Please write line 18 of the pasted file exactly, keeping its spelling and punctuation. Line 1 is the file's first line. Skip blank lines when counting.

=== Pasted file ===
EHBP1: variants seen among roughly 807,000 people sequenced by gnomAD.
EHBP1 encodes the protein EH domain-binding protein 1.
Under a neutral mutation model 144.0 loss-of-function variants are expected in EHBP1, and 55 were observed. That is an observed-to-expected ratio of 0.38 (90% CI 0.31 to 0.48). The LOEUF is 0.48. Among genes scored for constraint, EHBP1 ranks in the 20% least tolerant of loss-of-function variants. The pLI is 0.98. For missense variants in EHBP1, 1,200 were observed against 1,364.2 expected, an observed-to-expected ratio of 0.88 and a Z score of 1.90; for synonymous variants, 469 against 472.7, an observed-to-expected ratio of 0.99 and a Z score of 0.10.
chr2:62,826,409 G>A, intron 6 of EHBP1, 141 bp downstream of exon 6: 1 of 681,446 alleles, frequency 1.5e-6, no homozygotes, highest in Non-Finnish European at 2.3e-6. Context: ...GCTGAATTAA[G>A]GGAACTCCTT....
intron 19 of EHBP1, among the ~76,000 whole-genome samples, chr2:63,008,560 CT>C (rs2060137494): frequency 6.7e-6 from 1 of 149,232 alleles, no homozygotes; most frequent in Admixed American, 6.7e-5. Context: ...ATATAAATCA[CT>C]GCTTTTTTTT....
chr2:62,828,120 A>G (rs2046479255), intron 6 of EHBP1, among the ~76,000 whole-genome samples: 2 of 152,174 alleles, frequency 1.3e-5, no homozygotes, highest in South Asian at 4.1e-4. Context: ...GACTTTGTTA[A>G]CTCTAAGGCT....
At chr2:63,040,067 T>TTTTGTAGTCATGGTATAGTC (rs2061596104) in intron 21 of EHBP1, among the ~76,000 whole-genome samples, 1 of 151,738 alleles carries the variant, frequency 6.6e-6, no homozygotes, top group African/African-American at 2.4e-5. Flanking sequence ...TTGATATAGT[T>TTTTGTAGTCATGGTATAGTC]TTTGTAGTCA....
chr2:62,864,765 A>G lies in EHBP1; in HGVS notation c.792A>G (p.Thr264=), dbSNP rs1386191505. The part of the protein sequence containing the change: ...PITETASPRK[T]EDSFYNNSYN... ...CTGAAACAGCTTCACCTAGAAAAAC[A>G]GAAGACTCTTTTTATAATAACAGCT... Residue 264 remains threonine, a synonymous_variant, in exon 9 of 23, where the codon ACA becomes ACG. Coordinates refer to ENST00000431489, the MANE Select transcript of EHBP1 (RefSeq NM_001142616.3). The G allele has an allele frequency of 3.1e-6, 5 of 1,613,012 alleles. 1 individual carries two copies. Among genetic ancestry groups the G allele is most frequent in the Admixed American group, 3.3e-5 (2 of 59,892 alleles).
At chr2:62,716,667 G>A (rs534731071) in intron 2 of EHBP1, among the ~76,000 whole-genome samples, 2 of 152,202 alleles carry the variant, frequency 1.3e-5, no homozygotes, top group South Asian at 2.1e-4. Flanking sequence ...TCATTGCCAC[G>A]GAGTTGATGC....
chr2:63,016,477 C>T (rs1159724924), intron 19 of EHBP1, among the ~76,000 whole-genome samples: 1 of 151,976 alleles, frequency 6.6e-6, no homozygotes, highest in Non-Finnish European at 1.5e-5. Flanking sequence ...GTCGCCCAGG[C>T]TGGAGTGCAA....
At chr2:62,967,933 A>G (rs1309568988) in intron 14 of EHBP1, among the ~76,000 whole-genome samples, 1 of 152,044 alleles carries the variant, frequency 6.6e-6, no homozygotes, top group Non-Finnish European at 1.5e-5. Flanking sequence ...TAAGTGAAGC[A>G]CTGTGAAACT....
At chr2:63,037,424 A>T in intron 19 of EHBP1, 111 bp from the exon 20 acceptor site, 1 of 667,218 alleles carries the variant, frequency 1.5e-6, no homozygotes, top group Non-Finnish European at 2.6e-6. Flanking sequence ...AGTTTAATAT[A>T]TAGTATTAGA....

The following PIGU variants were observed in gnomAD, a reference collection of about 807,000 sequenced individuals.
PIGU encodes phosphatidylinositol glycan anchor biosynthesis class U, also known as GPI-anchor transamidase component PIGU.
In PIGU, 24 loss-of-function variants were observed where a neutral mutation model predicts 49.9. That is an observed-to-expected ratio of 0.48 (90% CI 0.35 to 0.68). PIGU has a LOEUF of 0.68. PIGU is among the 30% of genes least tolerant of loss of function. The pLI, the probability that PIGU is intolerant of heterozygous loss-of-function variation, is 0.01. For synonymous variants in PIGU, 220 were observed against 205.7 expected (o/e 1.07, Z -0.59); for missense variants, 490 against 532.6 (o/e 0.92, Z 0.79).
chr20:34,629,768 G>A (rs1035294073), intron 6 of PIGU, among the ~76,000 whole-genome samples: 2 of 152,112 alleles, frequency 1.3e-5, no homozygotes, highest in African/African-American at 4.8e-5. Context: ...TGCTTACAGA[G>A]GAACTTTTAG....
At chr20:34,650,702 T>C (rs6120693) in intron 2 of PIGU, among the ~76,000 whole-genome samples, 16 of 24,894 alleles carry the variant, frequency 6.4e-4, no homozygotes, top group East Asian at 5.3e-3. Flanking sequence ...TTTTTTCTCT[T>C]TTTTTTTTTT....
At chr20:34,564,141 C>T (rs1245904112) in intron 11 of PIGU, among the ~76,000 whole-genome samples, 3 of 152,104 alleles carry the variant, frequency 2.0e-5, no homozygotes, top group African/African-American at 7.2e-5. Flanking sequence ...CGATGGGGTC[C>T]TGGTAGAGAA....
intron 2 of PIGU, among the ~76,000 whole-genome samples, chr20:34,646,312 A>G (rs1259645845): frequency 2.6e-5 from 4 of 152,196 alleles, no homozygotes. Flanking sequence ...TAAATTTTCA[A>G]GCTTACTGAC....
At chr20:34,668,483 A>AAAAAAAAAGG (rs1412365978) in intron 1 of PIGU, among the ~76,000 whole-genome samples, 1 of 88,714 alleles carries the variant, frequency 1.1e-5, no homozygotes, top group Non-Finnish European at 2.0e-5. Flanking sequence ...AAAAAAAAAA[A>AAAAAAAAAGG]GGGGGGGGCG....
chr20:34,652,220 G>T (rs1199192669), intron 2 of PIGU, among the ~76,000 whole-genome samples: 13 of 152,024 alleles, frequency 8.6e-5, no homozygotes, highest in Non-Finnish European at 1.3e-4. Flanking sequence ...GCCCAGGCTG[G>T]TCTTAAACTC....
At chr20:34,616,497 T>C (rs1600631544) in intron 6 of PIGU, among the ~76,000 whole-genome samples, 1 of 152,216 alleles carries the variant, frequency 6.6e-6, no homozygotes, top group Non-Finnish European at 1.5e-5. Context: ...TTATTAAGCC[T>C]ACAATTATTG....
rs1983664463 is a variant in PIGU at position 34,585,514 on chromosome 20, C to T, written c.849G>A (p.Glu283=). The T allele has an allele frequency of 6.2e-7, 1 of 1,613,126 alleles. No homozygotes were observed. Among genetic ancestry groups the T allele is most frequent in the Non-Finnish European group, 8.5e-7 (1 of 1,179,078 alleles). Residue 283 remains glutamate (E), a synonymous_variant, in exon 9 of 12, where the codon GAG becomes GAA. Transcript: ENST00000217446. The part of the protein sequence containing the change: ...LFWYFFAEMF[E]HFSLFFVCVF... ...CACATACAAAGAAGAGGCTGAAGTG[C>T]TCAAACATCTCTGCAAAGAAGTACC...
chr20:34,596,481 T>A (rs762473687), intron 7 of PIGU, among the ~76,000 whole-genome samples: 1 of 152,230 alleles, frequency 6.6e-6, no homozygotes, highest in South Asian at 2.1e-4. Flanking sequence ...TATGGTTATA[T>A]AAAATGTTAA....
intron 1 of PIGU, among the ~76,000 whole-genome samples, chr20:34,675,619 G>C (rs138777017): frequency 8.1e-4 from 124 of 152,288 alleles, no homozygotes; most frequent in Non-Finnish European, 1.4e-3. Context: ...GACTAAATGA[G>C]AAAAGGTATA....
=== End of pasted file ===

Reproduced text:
At chr20:34,564,141 C>T (rs1245904112) in intron 11 of PIGU, among the ~76,000 whole-genome samples, 3 of 152,104 alleles carry the variant, frequency 2.0e-5, no homozygotes, top group African/African-American at 7.2e-5. Flanking sequence ...CGATGGGGTC[C>T]TGGTAGAGAA....